Mt Vernon ISD held their first media availability for new football Head Coach Art Briles on Monday night. Sports media from across the state were in attendance.
Briles did not answer questions regarding his time at Baylor. He referred all inquiries about his departure from the school to a statement from his legal counsel. You can read that statement below.
Statement of Darrell Barger and Ernest Cannon, Counsel for Art Briles:
Our client Art Briles understands and appreciates the public’s interest in what occurred at Baylor University. However, Coach Briles is a defendant in one civil lawsuit brought against him in July 2018 relating to 2014 incidents that the Plaintiff alleges were physical (non-sexual) assault by her former boyfriend. Because of this pending lawsuit, Coach Briles will not discuss matters related to his employment at Baylor.
As Coach Briles’counsel, we are glad the facts are slowly coming to light, thanks mostly to the courage and tenacity of the 15 “Jane Doe” Plaintiffs who are fighting hard to get to the truth of what caused the systemic, institutional failures at Baylor. The facts these brave young women have uncovered support a much different narrative than the one perpetuated for years by those with an interest in placing blame on Coach Briles.
For example, in September 2014 — almost 7 years into Coach Briles’ tenure at Baylor— a 115page independent investigation report by Title IX consultants Margolis-Healy cited no Title IX failings in the football program, but did identify serious and widespread problems within Baylor’s campus safety leadership. No one has publicly identified these senior campus safety officials, or disclosed how, if at all, they were held accountable. The Margolis-Healy report was not shared with Art Briles during his employment, and it was concealed from the public until the Jane Does lawsuit brought it to light only recently. It has received very little public attention despite the fact it eviscerates the narrative the public has long been fed.
Margolis-Healy’s detailed, 115-page report stands in stark contrast to the 13-page “Findings of Fact” issued by the Baylor Board of Regents in May 2016, which contains no facts. To this day, the underlying detailed written findings and chronology created during the Regent-led investigation, the existence of which was first revealed in a hearing earlier this summer, are being withheld by Baylor, preventing victims, their families, and the many good people of the Baylor family from actually knowing the facts.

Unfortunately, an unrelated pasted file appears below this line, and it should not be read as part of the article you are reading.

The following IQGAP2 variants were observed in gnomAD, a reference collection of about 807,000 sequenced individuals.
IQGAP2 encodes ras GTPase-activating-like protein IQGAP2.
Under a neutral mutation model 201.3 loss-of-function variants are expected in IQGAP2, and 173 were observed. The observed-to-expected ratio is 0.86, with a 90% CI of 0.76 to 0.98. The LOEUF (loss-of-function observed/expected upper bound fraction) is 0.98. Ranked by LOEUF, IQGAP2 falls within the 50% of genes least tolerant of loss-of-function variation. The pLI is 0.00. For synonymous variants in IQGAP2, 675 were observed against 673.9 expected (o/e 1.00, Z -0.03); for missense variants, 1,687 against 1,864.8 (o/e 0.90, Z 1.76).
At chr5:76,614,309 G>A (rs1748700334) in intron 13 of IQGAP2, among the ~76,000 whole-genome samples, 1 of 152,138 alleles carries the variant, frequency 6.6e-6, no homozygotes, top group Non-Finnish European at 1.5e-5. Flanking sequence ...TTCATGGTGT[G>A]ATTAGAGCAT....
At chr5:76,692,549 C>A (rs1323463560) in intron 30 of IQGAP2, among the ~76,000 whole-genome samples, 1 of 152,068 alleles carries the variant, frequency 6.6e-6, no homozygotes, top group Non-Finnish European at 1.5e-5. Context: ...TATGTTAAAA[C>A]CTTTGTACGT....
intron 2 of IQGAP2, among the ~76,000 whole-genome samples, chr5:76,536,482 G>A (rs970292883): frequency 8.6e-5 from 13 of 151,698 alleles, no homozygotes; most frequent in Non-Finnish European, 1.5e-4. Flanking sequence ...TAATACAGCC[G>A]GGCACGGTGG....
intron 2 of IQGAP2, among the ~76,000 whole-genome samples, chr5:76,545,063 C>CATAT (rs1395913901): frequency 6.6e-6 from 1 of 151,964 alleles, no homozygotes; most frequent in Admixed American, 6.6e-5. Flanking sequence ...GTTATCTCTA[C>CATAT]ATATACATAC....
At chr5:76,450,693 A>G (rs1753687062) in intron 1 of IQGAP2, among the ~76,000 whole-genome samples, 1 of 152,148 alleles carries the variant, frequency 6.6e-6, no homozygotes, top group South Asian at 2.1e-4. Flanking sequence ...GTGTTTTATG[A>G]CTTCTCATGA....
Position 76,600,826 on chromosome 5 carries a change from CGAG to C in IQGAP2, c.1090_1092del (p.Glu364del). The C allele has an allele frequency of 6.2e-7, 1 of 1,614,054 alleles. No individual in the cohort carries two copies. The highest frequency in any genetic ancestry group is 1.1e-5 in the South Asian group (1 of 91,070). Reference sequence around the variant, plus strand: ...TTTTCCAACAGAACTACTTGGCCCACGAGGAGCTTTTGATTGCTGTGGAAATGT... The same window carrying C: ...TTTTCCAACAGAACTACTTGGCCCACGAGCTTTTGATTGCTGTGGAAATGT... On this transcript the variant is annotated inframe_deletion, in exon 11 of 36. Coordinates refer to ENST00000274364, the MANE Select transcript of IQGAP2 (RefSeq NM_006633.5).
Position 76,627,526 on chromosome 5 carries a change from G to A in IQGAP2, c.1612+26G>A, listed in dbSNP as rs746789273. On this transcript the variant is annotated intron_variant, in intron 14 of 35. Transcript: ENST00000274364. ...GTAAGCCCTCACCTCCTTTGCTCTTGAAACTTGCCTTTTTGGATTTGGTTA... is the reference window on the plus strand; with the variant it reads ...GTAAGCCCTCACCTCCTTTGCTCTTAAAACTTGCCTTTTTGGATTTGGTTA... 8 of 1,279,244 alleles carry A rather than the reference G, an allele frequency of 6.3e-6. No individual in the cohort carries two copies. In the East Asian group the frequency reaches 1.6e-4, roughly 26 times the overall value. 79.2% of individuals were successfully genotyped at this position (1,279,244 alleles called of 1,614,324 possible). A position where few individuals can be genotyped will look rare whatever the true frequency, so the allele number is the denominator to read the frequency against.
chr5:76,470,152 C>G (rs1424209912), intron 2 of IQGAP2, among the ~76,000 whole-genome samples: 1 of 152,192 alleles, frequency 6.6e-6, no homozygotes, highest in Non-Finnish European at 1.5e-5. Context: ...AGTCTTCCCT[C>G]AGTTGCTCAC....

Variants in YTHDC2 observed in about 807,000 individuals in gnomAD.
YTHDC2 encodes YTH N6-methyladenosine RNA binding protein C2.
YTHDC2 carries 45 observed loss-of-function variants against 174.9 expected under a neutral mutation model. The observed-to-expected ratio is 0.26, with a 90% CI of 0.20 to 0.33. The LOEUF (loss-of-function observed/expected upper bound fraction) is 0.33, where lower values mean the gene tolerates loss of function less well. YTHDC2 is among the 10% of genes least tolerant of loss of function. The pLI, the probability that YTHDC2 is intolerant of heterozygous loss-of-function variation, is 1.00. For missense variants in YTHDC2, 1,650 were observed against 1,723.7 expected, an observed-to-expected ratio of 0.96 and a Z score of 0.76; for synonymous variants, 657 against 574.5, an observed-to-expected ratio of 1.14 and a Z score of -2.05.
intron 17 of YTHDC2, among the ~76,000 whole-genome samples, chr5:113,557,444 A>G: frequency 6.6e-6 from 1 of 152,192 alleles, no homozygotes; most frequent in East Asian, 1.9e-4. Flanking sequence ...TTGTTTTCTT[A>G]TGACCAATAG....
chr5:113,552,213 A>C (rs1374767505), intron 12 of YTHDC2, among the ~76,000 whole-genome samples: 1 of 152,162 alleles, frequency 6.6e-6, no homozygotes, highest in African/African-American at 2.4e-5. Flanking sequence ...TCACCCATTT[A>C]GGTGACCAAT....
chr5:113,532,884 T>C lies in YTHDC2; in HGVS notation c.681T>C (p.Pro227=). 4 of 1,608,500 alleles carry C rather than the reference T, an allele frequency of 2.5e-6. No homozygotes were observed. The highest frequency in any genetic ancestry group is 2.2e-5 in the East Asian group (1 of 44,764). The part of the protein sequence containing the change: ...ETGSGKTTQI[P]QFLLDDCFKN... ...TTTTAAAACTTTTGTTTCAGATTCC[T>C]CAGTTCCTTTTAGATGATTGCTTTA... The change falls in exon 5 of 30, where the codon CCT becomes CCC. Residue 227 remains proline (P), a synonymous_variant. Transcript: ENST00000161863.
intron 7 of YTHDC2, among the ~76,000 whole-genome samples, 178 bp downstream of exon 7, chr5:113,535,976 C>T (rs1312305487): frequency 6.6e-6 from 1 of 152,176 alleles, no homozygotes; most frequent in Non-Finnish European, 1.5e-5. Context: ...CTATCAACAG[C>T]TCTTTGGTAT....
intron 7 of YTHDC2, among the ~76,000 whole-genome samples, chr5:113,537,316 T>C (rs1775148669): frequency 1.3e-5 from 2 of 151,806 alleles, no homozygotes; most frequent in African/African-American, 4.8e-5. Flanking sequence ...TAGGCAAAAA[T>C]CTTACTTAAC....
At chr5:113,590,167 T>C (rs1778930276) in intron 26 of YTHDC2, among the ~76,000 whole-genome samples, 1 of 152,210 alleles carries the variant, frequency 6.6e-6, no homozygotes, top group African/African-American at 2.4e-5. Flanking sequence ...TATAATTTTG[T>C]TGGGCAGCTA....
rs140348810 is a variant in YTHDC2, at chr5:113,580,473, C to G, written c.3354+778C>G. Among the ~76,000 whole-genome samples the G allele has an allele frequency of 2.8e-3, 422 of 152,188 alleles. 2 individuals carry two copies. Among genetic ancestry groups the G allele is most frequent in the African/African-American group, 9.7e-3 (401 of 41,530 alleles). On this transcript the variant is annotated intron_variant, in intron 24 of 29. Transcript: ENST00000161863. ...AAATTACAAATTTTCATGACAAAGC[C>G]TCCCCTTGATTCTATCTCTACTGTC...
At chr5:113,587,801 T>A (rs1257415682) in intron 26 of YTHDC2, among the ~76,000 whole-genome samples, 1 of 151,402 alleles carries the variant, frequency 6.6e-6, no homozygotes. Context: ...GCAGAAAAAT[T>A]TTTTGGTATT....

In addition, Coach Briles is grateful that Baylor’s General Counsel in May 2017 provided him with a letter of exoneration from wrongdoing in any sexual assault case. That letter provides in no uncertain terms that Baylor is unaware of any situation in which Coach Briles had contact with a person who reported being the victim of sexual assault, or any situation in which Coach Briles discouraged a sexual assault victim from reporting to law enforcement or University officials. The letter also clarifies that Baylor is unaware of any instance in which Coach Briles actually played a student athlete who had been found responsible for sexual assault.
On August 30, 2018, Coach Briles filed a 34-page Answer in the single lawsuit in which he is a party. That document, which has received very little public notice, includes new, detailed information, supported by tape recordings and documents, demonstrating that what the public has been led to believe about Coach Briles is flatly false.
For example, contrary to the narrative perpetuated by those seeking to blame Coach Briles for systemic failures, Baylor’s Title IX Coordinator confirmed in a candid, recorded Title IX meeting that Baylor’s football program under Art Briles was proactive about requesting Title IX training, was hailed by Baylor’s Title IX staff as a model for integrating Title IX training in an athletic department, and was not a statistically disproportionate source of Title IX related accusations.
Also contrary to the mistaken, popular narrative, there is no evidence that any player was ever recruited to Baylor during Coach Briles’ tenure with a prior history of sexual or dating violence. In the one case that was used to perpetuate that myth, it has now been proven that the transfer player had never been accused at his prior school of sexual or dating violence, had not been suspended from the school or the football team, and was eligible to return to his former school and to the football team. All of this is contrary to the false narrative that Coach Briles was reckless in bringing young men into his program.
This will be the last public comment we have for the foreseeable future. We refer you to the Answer http://media.graytvinc.com/documents/Defendant+Art+Briles’+OriginalOriginal +Answer+filed+8-30-18.pdfand the Margolis-Healy report https://www.wacotrib.com/margolis-healy-report/pdf_da5d62fe-1f43-5e17-a944-b7bc22465fc0.htmlfor further response. If significant developments arise, we will try to keep you apprised of facts consistent with our duties to our client and to the court.